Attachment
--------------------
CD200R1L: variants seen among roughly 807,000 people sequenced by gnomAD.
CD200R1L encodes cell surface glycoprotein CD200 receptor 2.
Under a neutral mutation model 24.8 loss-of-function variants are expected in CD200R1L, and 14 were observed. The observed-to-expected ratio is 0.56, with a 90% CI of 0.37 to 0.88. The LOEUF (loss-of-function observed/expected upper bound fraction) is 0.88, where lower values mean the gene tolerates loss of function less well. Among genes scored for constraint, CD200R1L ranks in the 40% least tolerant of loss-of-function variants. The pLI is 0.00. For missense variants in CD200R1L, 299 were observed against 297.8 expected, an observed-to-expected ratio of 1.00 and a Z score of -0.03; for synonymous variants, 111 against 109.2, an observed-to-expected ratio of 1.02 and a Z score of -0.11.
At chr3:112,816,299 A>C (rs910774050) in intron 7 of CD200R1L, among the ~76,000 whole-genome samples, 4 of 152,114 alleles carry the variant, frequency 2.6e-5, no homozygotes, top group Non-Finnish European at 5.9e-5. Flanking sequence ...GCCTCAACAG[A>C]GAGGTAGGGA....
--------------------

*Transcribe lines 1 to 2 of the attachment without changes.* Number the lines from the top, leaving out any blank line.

CD200R1L: variants seen among roughly 807,000 people sequenced by gnomAD.
CD200R1L encodes cell surface glycoprotein CD200 receptor 2.